They say "There's no such thing as a stupid question." but we suspect that's probably false, so I hope you'll forgive us for asking the stupid question. We understand your point about the role of the floor relative to the structural integrity of the A/S as a whole and we want to put in the right fix. So we took out the heater and the galley and cut out the wood from the door to the wheel well (incindentally - big puncture in the wheel well ).

Now our stupid question: "What's a stringer?" Our engineer brother-in-law opined that it was the steel lateral cross-beam, but we weren't sure. In which case, if we have exposed more than one cross-beam by cutting 6-8' from the door to the wheel well, should we undertake the 4-1/8 reinforcement for all lateral cross-beams that are exposed or just one?

And since the intent is to "tie the two halfs of the deck together" should we reinforce all the way from the port-side to the starboard-side, or just from the starboard-side to the center line? And if the outer rail near the door is corroded (quarter-size holes in the steel), do we need to weld something in to reinforce (brother-in-law said so)?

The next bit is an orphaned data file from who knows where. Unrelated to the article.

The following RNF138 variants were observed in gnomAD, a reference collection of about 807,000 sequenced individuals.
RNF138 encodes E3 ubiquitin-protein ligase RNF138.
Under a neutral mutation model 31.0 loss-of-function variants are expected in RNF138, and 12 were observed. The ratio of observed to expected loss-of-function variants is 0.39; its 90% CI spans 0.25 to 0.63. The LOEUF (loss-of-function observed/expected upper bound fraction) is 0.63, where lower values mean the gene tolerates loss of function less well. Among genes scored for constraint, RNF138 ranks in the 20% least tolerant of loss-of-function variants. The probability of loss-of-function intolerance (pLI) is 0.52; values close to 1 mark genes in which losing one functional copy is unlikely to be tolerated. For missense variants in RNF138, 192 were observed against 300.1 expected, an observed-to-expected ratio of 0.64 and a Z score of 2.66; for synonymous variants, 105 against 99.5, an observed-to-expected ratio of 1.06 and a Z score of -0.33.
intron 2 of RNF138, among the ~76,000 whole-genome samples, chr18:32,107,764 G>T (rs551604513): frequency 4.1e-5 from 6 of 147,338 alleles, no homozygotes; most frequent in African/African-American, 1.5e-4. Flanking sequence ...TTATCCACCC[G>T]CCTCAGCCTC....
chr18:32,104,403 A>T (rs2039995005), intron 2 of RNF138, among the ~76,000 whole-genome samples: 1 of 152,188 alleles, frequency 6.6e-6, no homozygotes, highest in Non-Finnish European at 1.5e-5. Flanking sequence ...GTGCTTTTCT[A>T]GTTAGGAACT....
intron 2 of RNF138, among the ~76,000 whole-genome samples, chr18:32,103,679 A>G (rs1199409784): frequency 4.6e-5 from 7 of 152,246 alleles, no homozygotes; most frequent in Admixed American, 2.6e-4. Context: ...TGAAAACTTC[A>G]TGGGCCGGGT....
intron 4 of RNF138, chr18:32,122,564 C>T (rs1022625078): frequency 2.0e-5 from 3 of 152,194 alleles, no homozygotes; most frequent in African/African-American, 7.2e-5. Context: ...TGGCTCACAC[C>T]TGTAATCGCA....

And while we're at it, what's an "elevator bolt" -- we "googled" it and the results seem similar to the bolts that currently hold the old floor to the frame, i.e. with the fat round head counter-sunk through the floor-board? Is that right?

Thanks for all your help!

Brian + Tonia
The goal is to make it solid from one side to the other but if you make a goot patch like I descried above where the two sections of ply are joined in such a way that they can transfer the load then no need to replace the sheet from one side to the other. In fact it's near impossible to do so without removing the shell. The problem is you can make a good tie together over the frame if it's box.